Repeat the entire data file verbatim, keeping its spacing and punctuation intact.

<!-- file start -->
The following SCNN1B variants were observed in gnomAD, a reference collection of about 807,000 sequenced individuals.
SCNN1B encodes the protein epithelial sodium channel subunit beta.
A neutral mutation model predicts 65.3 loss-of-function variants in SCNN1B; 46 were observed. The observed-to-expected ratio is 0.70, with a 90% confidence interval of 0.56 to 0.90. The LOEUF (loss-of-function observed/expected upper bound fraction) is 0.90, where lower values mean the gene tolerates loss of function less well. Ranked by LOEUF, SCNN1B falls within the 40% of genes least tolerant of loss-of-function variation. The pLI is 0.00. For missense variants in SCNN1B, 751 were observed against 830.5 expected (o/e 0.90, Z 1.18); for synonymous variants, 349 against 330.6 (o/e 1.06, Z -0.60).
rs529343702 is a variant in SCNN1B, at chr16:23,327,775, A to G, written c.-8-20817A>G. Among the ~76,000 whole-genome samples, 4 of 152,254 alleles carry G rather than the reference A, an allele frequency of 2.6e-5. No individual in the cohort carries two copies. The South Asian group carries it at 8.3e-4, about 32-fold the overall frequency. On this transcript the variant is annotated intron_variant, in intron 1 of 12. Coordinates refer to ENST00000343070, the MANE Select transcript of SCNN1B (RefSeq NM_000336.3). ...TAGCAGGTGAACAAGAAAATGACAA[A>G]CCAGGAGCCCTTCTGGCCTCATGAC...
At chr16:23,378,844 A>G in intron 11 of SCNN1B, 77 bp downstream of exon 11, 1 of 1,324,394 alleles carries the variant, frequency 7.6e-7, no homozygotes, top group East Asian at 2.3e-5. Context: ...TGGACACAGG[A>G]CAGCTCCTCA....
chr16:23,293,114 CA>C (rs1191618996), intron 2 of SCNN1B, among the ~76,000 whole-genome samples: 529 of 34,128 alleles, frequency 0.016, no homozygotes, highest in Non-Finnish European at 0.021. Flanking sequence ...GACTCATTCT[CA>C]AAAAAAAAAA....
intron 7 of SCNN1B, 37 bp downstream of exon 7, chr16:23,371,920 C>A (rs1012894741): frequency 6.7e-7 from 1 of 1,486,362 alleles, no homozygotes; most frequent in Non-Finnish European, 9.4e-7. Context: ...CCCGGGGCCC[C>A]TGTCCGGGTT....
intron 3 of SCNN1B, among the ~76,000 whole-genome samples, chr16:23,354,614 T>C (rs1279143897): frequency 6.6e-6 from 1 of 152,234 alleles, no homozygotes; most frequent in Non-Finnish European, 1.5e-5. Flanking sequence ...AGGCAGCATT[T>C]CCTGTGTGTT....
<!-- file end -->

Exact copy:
The following SCNN1B variants were observed in gnomAD, a reference collection of about 807,000 sequenced individuals.
SCNN1B encodes the protein epithelial sodium channel subunit beta.
A neutral mutation model predicts 65.3 loss-of-function variants in SCNN1B; 46 were observed. The observed-to-expected ratio is 0.70, with a 90% confidence interval of 0.56 to 0.90. The LOEUF (loss-of-function observed/expected upper bound fraction) is 0.90, where lower values mean the gene tolerates loss of function less well. Ranked by LOEUF, SCNN1B falls within the 40% of genes least tolerant of loss-of-function variation. The pLI is 0.00. For missense variants in SCNN1B, 751 were observed against 830.5 expected (o/e 0.90, Z 1.18); for synonymous variants, 349 against 330.6 (o/e 1.06, Z -0.60).
rs529343702 is a variant in SCNN1B, at chr16:23,327,775, A to G, written c.-8-20817A>G. Among the ~76,000 whole-genome samples, 4 of 152,254 alleles carry G rather than the reference A, an allele frequency of 2.6e-5. No individual in the cohort carries two copies. The South Asian group carries it at 8.3e-4, about 32-fold the overall frequency. On this transcript the variant is annotated intron_variant, in intron 1 of 12. Coordinates refer to ENST00000343070, the MANE Select transcript of SCNN1B (RefSeq NM_000336.3). ...TAGCAGGTGAACAAGAAAATGACAA[A>G]CCAGGAGCCCTTCTGGCCTCATGAC...
At chr16:23,378,844 A>G in intron 11 of SCNN1B, 77 bp downstream of exon 11, 1 of 1,324,394 alleles carries the variant, frequency 7.6e-7, no homozygotes, top group East Asian at 2.3e-5. Context: ...TGGACACAGG[A>G]CAGCTCCTCA....
chr16:23,293,114 CA>C (rs1191618996), intron 2 of SCNN1B, among the ~76,000 whole-genome samples: 529 of 34,128 alleles, frequency 0.016, no homozygotes, highest in Non-Finnish European at 0.021. Flanking sequence ...GACTCATTCT[CA>C]AAAAAAAAAA....
intron 7 of SCNN1B, 37 bp downstream of exon 7, chr16:23,371,920 C>A (rs1012894741): frequency 6.7e-7 from 1 of 1,486,362 alleles, no homozygotes; most frequent in Non-Finnish European, 9.4e-7. Context: ...CCCGGGGCCC[C>A]TGTCCGGGTT....
intron 3 of SCNN1B, among the ~76,000 whole-genome samples, chr16:23,354,614 T>C (rs1279143897): frequency 6.6e-6 from 1 of 152,234 alleles, no homozygotes; most frequent in Non-Finnish European, 1.5e-5. Flanking sequence ...AGGCAGCATT[T>C]CCTGTGTGTT....